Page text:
This map shows the freshwater limits of the Jasper aquifer in 2010. For the most part, the freshwater portion of the Jasper aquifer does not extend to the area of interest studied by the UH scholars.

The down-dip part of the Jasper toward the coast also goes very deep. At the southern limit of freshwater, depth ranges to thousands of feet in places (see bottom of colored area below). Why would you drill that deep if you could get fresher water from aquifers like the Chicot and Evangeline much closer to the surface?

From Page 30 of Hydrogeology and Simulation of Ground-Water Flow and Land-Surface Subsidence in the Northern Part of the Gulf Coast Aquifer System, Texas, Scientific Investigations Report 2004–5102, USGS

Subsidence Already Noted in Northern Part of Jasper

Those are the reasons why the UH scholars do not associate subsidence with the Jasper in southern Harris and Montgomery Counties. That does NOT mean subsidence won’t happen in other areas where utilities DO pump the Jasper. It already has.

Map showing contours of the average subsidence rate (mm/year) during the time span from 2006 to 2012. From “Is There Deep-Seated Subsidence in the Houston-Galveston Area?”, Page 2.

However, USGS well-water height readings north of Highway 99 show severe drawdown near the population centers in southern Montgomery and northern Harris Counties. And surprise, surprise! That also happens to be the area where most subsidence has occurred in Montgomery County.

Unsustainable Pumping Rates

While the advocates of unlimited groundwater pumping want you to believe that the aquifer recharge rates in Montgomery County equal the drawdown rate, they don’t. The Jasper aquifer is being drawn down in populated places at more than 10 FEET per year (see graph below). But USGS estimates that the recharge rate for the Jasper is as little as ONE-TENTH of an INCH per year. That means some utilities have been using up Jasper water 1200 times faster than nature replaces it.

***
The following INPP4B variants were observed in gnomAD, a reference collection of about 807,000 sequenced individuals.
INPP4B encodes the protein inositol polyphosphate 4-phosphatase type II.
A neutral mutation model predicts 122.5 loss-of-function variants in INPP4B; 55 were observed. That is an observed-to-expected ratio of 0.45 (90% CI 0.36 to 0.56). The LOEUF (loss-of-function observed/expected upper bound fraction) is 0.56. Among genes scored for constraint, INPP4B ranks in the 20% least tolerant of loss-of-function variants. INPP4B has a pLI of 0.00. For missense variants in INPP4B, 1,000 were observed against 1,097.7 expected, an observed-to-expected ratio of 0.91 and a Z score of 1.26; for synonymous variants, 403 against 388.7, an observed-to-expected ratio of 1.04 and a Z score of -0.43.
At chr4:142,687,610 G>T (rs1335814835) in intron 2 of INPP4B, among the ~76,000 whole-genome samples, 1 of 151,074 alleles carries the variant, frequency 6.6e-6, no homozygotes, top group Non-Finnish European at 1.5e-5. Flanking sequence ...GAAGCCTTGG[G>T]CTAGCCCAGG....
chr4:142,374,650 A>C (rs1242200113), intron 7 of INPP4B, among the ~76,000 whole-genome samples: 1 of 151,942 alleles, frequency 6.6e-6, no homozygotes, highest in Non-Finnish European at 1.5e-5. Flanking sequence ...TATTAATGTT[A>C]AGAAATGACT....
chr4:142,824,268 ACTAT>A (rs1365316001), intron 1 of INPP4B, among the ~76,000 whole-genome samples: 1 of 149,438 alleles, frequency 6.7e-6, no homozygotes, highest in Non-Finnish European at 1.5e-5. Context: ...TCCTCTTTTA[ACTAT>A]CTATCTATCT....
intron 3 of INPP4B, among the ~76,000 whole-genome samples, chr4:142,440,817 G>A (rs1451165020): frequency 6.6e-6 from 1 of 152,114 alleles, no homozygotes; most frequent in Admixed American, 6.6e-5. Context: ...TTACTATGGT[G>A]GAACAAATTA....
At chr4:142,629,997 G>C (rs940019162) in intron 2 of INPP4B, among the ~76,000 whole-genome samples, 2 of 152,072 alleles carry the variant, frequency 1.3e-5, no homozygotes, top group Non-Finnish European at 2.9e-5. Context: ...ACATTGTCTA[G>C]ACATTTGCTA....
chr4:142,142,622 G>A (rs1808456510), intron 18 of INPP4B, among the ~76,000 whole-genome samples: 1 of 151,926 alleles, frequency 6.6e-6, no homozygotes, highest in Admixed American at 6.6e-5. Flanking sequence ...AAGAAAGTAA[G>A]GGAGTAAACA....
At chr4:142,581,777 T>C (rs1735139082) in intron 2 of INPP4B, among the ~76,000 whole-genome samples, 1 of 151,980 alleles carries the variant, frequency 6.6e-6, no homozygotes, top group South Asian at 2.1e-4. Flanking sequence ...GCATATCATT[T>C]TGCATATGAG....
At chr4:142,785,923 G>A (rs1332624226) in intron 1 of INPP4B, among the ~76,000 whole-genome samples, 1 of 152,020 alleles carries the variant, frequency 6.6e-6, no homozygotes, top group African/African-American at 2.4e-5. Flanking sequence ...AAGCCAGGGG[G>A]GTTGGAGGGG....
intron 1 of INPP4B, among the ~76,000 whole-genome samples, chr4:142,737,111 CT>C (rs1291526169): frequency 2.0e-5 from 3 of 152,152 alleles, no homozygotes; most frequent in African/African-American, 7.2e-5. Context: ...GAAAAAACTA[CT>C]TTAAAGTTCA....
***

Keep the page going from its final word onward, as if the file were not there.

This well drilled in the Jasper aquifer near the Woodlands showed an average decline of approximately 10 feet per year (about 180 feet in 18 years).
USGS map showing 2000-2018 Water-Level Decreases/Increases (left) vs. Well Locations (right) for the Jasper Aquifer. This USGS viewer lets you see different aquifers over different time periods and check water level changes for any well near you. Most of Montgomery County’s major declines happened near major population centers.

Truth or Consequences

Ground level declines produce fault movement and subsidence. They translate to infrastructure damage and flooding. 

As water levels decline, water wells begin to have problems producing. They lose “yield,” which means they can’t produce as much water in a given time period. This requires the wells to run longer to meet demand. It costs more to lift water. Longer run times increase maintenance costs.  Pumps have to be lowered. The motors have to be upsized, which requires electrical rewiring. 

Some well pumps can’t be lowered any farther, which may mean abandoning and replacing the well. Some water level decline is expected. But those who argue that Montgomery County has an unlimited supply of water are just ludicrous. The harder you pump, the more decline you get, and with that comes all the consequences of declines. 

Why People Want to Believe the Unbelievable

Montgomery County residents have found the change from well to surface water financially difficult. People WANT to believe that unlimited groundwater pumping is safe. I just hope they don’t wind up putting all their water lillies in one pond, so to speak. 

The only thing worse than expensive water is no water. Or no water plus infrastructure damaged by subsidence.

Selective Perception Amplified by Selective Deception

Selective perception is a well known cognitive bias. It describes the process by which people perceive what they want to in media messages while ignoring opposing viewpoints. However, in this case, it seems that selective deception is amplifying the bias.